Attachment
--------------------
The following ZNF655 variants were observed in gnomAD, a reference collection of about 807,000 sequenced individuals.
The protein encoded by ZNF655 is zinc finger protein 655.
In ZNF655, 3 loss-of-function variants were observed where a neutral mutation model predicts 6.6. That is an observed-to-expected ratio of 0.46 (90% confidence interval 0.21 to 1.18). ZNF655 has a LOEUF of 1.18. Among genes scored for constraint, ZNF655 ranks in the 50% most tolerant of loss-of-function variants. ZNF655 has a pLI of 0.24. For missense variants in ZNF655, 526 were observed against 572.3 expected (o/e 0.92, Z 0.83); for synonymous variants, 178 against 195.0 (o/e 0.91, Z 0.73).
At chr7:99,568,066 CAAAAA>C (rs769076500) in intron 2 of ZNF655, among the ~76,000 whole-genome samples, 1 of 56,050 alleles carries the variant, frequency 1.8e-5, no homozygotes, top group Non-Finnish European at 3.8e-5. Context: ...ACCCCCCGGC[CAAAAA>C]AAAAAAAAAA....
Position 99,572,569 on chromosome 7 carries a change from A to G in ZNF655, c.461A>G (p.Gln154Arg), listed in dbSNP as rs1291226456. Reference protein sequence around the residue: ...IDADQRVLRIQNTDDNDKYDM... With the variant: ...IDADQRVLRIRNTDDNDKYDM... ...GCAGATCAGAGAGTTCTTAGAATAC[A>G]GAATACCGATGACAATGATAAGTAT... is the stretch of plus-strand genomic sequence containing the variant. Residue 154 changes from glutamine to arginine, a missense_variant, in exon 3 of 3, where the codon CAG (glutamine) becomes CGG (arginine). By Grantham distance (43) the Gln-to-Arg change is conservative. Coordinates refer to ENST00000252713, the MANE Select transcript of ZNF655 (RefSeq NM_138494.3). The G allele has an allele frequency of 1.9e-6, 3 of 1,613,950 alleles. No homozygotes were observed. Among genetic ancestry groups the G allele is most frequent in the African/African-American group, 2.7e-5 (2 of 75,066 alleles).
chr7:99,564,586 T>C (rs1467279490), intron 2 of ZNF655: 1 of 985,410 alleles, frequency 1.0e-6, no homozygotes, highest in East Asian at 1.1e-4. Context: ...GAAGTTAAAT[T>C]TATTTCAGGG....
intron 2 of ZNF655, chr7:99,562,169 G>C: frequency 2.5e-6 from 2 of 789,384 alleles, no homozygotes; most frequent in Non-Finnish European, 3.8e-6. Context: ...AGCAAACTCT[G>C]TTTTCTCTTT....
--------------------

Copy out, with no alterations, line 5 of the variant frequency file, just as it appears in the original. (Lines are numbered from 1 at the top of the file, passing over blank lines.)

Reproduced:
Position 99,572,569 on chromosome 7 carries a change from A to G in ZNF655, c.461A>G (p.Gln154Arg), listed in dbSNP as rs1291226456. Reference protein sequence around the residue: ...IDADQRVLRIQNTDDNDKYDM... With the variant: ...IDADQRVLRIRNTDDNDKYDM... ...GCAGATCAGAGAGTTCTTAGAATAC[A>G]GAATACCGATGACAATGATAAGTAT... is the stretch of plus-strand genomic sequence containing the variant. Residue 154 changes from glutamine to arginine, a missense_variant, in exon 3 of 3, where the codon CAG (glutamine) becomes CGG (arginine). By Grantham distance (43) the Gln-to-Arg change is conservative. Coordinates refer to ENST00000252713, the MANE Select transcript of ZNF655 (RefSeq NM_138494.3). The G allele has an allele frequency of 1.9e-6, 3 of 1,613,950 alleles. No homozygotes were observed. Among genetic ancestry groups the G allele is most frequent in the African/African-American group, 2.7e-5 (2 of 75,066 alleles).